You might be realizing right about now that I love to write about seasonal produce. Part of that is due to me being a chef with a love for the freshest ingredients possible, but part of it is that in my neck of the woods, it’s tough to get good out-of-season produce in the grocery store. This forces seasonal eating habits, which, after a period of adjustment (I was used to the bounty found in gigantic supermarkets in New Jersey), I’ve come to really appreciate. And we are approaching the season for one of my favorite garden treats, rhubarb!
Does it make me sound old-fashioned when I say I love rhubarb? Well, I don’t rightly care. Before Sour Patch Kids and super sour Warhead candies were making kids (and, ahem, some adults) pucker up, rhubarb was the king of tart treats. And it is such a magical and wonderful occurrence that rhubarb is ready in the garden around the same time as strawberries are. These two are like Penn and Teller, like Frank and Dean-O, like Lady Gaga and Beyonce…yes, they are great on their own, but put them together and POW!
Here’s a good basic jumping off point for a strawberry-rhubarb compote. It may seem like a large quantity, but since rhubarb’s only around for a short while (at least in my local stores and farmers’ markets), I like to make a big batch and freeze it in smaller portions, so that I can enjoy a taste of summer on a cold snowy day (hopefully very many months away from now!).
What to serve with this, you might ask? Well, put it on oatmeal or pancakes or yogurt or shortcake, swirl it into a muffin or coffeecake recipe, puree it and try it with pork (omg it is so divine!)…there are a whole lot of options. It would work as a filling for the Winter Berry Tart I posted a while back, too. Any way you work it, this is a true taste of June.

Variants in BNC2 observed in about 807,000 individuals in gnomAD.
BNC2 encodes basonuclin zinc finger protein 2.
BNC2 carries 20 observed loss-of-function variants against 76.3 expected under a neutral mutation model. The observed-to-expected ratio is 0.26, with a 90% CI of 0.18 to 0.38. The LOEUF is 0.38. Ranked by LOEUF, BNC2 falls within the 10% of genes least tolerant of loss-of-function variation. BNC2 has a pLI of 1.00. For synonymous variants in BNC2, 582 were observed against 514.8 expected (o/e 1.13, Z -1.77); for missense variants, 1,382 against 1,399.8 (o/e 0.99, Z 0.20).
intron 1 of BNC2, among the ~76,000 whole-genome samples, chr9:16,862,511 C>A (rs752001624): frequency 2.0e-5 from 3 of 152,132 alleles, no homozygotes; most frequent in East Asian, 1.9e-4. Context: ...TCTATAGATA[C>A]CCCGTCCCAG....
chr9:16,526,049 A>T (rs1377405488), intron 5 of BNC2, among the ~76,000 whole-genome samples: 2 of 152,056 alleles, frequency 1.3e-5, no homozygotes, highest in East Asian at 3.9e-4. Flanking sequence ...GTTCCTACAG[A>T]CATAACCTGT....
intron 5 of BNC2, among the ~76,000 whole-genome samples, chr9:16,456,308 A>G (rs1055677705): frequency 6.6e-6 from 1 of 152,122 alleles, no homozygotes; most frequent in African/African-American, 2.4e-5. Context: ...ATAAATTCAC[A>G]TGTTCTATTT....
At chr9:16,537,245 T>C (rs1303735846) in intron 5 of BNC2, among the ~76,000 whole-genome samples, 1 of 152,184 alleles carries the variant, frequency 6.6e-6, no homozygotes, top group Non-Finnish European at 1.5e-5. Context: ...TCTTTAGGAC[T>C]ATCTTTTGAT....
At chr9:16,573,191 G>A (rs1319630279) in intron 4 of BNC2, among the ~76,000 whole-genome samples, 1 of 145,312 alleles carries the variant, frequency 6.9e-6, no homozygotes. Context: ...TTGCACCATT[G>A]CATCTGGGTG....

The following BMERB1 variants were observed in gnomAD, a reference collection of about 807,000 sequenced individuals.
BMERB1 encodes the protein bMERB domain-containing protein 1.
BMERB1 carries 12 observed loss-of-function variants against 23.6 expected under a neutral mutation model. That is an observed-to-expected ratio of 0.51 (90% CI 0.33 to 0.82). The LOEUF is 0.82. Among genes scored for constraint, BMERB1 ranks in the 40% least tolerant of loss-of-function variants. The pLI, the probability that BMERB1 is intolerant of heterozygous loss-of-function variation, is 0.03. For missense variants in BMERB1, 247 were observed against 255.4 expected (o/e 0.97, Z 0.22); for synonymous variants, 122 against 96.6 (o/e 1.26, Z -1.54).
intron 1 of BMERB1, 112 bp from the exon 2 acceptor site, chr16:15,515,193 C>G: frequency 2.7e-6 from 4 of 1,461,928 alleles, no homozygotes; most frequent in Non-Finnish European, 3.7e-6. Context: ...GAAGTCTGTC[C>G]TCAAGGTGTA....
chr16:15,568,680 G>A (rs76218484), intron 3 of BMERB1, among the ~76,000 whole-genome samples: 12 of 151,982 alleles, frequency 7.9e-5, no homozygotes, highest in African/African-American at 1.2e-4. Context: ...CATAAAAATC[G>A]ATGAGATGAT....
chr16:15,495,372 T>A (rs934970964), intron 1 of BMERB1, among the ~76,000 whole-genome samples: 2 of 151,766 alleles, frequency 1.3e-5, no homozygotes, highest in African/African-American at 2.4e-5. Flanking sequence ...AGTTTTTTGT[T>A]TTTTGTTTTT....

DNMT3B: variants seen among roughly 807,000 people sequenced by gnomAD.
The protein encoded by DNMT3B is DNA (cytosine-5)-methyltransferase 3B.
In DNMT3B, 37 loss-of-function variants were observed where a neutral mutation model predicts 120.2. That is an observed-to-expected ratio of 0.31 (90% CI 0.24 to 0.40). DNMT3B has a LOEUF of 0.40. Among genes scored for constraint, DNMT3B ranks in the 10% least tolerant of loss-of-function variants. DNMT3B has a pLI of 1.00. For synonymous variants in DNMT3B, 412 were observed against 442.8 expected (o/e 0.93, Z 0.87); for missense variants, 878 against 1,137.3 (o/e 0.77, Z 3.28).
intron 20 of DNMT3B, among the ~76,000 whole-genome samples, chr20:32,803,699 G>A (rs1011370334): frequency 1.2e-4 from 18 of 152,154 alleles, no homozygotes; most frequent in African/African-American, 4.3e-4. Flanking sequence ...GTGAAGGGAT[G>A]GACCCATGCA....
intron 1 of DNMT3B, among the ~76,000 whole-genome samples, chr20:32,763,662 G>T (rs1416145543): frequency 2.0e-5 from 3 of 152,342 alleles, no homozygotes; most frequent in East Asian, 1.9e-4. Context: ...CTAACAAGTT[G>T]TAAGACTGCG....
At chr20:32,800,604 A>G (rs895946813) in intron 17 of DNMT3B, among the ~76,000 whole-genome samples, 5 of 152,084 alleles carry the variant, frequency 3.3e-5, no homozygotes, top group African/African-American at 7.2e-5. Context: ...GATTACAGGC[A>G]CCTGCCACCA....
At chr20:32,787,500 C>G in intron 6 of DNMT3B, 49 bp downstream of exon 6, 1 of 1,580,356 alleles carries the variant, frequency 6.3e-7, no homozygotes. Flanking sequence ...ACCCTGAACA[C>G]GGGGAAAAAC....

5 stalks rhubarb, cleaned, trimmed, and cut into 1-inch pieces
Zest and juice of either one orange or one lemon
1/2 teaspoon vanilla extract
1/4 – 1/2 cup sugar, depending on the sweetness of the berries and the tartness of the rhubarb
3 cups strawberries, cleaned, hulled, and quartered (you could use the frozen equivalent, but if they’re in season, why would you??)
Combine in a heavy-bottomed pot the rhubarb, citrus, vanilla, and 1/4 cup of sugar. Bring to a gentle simmer over medium heat, then turn down to low. When the rhubarb is soft and almost falling apart, taste it for sweetness, keeping in mind that the strawberries will contribute their flavor a little later on. Adjust sugar if necessary, and stir until dissolved. Place the berries in a metal or glass container that is capable of holding the whole recipe, then pour the rhubarb over the berries. Stir gently to heat the berries a little while still maintaining their shape and not mashing them too much. Enjoy!
How do you like to employ good ol’ Rhubarb?